Eye For Film >> Movies >> Poseidon (2006) Film Review
Reviewed by: Anton Bitel
Viewed from beneath the water, beams of sunlight eerily penetrate the ocean's green, until a ship's keel cleaves the sparkling surface above. The camera climbs up over the ripples, revealing the enormous passenger liner Poseidon in wide shot, before moving in to sweep over its multiple levels, briefly following a lone jogger up a staircase, then rising over the upper decks and vast funnels until finally it catches up with the now stationary jogger and takes in the exquisite sunset vista over his shoulder.
If the two-and-a-half-minute single take that opens Wolfgang Petersen's Poseidon seems impossible, that is only because everything in it is computer generated (apart from Josh Lucas, jogging against a green screen and later integrated into the virtual ship). It is a breathtaking prologue, not only giving us an economic introductory tour of the film's larger-than-life protagonist (I mean the boat of the title, rather than Lucas' professional gambler Dylan), but also showing an individual engulfed by overwhelming scale - the sort of humbling perspective that has long been the mainstay of the disaster genre.
It is New Year's Eve and shortly after midnight the sea borne behemoth will be flipped over by a gigantic rogue wave. This, however, is not all that will be turned upside down in the film, for, as we watch the spectacular mayhem unfold on board, it fast becomes clear that in Poseidon, the excellent CGI is far more convincing than the actual characters, in an unexpected inversion of the usual relationship between post-production fakery and human drama. A handful of the passengers may eventually get out of the ship alive, but in this massive overhaul of The Poseidon Adventure (1972), nothing, it seems, can save them from Mark Protosevich's sinking script.
"You know the disaster scenario", bellows the doomed ship's captain - and we do, all too well. While most of the wave's survivors wait vainly for rescue in the upturned ballroom, a small group decides to make a daring break for the surface via the vessel's propeller tubes. If the shafts, tunnels and ballast tanks leading to escape are a veritable maze of sink-or-swim perils, there is no risk of these folk getting lost provided that they cling to their over-familiar narrative arcs - and cling they do, like irksome barnacles on an old rust bucket's bottom.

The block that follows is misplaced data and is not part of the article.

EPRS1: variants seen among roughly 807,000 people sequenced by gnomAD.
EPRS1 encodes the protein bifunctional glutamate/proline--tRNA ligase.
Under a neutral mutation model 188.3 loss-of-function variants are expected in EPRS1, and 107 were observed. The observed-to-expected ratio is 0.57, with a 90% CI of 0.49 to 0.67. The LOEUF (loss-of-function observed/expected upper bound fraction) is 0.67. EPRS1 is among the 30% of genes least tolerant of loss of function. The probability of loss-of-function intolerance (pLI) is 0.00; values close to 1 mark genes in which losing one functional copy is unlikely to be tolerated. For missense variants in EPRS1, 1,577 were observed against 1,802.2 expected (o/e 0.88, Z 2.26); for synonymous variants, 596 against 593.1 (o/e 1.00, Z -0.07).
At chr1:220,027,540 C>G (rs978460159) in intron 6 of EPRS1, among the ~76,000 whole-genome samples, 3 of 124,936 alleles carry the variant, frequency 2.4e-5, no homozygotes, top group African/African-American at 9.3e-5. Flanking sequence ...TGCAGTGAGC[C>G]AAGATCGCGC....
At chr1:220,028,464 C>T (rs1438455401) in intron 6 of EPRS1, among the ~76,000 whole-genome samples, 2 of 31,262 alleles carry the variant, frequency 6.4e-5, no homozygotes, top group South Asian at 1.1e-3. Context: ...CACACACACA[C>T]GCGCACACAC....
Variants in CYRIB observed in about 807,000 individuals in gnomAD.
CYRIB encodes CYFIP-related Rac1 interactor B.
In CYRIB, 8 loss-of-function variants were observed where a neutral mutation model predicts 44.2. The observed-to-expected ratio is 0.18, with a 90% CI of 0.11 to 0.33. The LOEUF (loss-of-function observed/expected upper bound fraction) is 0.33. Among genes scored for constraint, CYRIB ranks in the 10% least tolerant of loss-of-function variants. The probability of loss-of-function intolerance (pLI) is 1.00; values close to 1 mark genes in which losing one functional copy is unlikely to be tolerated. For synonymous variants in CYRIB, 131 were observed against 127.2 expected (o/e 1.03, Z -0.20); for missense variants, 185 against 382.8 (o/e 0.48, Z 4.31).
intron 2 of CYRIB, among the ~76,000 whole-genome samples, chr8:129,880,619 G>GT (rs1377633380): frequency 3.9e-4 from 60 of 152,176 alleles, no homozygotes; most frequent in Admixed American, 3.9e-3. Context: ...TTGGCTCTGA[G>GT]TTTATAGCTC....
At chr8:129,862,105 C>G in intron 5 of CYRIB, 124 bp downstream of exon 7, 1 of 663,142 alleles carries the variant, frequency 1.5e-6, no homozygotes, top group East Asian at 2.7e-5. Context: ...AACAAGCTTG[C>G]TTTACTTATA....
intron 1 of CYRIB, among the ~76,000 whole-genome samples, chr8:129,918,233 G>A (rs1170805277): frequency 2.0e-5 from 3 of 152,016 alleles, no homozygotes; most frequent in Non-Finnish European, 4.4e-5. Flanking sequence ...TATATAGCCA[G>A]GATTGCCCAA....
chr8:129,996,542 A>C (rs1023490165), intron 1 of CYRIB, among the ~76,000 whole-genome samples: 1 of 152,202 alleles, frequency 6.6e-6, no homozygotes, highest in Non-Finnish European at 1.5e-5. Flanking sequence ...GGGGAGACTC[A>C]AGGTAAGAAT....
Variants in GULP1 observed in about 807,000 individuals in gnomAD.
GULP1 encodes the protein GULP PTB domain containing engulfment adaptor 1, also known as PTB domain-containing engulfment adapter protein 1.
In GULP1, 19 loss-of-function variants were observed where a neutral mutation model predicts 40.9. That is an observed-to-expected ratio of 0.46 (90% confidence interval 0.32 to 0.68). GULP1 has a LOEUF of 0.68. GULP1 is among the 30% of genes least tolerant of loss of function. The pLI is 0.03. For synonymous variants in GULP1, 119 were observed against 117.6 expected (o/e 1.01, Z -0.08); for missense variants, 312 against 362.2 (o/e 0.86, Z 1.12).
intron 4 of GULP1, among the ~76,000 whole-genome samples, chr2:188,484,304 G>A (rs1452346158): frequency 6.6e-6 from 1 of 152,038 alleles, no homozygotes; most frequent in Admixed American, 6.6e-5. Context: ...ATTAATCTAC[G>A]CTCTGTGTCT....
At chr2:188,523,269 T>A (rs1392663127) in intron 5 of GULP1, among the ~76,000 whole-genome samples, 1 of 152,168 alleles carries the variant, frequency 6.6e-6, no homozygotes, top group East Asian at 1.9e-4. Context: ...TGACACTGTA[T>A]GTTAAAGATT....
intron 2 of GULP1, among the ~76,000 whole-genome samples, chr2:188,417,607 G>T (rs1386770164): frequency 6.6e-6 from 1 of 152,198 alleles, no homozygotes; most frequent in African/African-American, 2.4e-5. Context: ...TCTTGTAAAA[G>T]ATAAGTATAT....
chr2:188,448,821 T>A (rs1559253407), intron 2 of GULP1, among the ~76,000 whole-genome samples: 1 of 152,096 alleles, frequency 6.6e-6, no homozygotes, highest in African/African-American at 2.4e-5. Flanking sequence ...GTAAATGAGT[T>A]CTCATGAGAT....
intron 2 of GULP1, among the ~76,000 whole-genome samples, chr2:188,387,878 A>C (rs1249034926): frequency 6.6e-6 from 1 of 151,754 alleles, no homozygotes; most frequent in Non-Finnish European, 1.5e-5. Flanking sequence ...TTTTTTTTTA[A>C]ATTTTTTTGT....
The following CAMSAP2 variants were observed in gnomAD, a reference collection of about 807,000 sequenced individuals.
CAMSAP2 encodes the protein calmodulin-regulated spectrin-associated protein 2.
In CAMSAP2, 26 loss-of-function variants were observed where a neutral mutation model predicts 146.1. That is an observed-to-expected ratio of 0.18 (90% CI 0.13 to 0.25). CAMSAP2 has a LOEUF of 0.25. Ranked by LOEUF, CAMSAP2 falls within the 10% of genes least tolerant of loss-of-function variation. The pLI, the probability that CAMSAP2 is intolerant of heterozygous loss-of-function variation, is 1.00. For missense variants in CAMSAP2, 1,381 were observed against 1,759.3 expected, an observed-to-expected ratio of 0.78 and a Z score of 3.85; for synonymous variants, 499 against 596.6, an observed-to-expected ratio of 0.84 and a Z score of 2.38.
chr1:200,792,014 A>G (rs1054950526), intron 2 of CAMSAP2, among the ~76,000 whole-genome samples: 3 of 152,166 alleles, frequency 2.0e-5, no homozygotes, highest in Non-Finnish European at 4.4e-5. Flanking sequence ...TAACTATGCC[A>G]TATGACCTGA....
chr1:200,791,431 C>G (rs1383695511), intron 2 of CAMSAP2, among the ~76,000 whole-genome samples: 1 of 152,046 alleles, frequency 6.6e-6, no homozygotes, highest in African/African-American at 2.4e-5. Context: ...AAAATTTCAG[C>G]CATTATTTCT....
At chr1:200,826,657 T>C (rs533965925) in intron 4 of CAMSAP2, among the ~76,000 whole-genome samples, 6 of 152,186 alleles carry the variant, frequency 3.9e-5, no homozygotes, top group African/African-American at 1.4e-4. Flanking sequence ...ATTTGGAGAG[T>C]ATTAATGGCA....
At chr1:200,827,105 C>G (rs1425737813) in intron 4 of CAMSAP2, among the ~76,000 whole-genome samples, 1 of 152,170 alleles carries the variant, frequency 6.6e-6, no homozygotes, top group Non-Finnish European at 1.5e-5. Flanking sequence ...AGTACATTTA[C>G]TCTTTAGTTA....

Would-be loner Dylan gets stuck with a whole whining ensemble of fellow travellers and discovers his wet side with single mum Maggie (Jacinda Barrett) and her young son Conor (Jimmy Bennett). With more than a passing nod to Bruce Willis' storyline in Armageddon (1998), protective father Robert Ramsey (Kurt Russell) cannot decide whether his headstrong daughter Jennifer (Emmy Rossum) is under greater threat from her boyfriend Christian (Mike Vogel), or the diminishing air pockets, before he learns at last to step aside and go with the flow.
Jilted architect Richard Nelson (Richard Dreyfuss) was about to commit suicide just before the wave struck, but then, in a brazen blend of chutzpah and irony, rediscovers the value of life amidst all the ensuing carnage; no doubt he wishes they had brought a bigger boat. Then there's unpleasant drunk Lucky Larry (Kevin Dillon), whose luck is clearly running out, while the class and ethnicity of stowaway Elena (Mia Maestro) and waiter Valentin (Freddy Rodriguez) pretty much guarantee their expendable status as flotsam and jetsam.
Apart from one or two curious touches, like the bizarre fact that any character whose hand comes into contact with Nelson's ankle ends up dead, everything in Poseidon is so overstated and predictable that it verges on parody, even if the film keeps a straight face from start to finish. It is not enough, for example, that Ramsey is a hero within the creaky confines of the ship; we also learn, in an absurdly obvious contrivance, designed to pander to post-9/11 sensibilities, that he is not only a retired firefighter, but also (and I am not making this up) the one-time mayor of New York City.
Maybe, with just a little less baggage, these ludicrously stereotyped characters would have a better chance of keeping Poseidon afloat. At least, it looks good as it goes down - and takes an hour and a half less time than Titanic (1997) to do so. Long films about rising waters are hard on the bladder...Reviewed on: 02 Jun 2006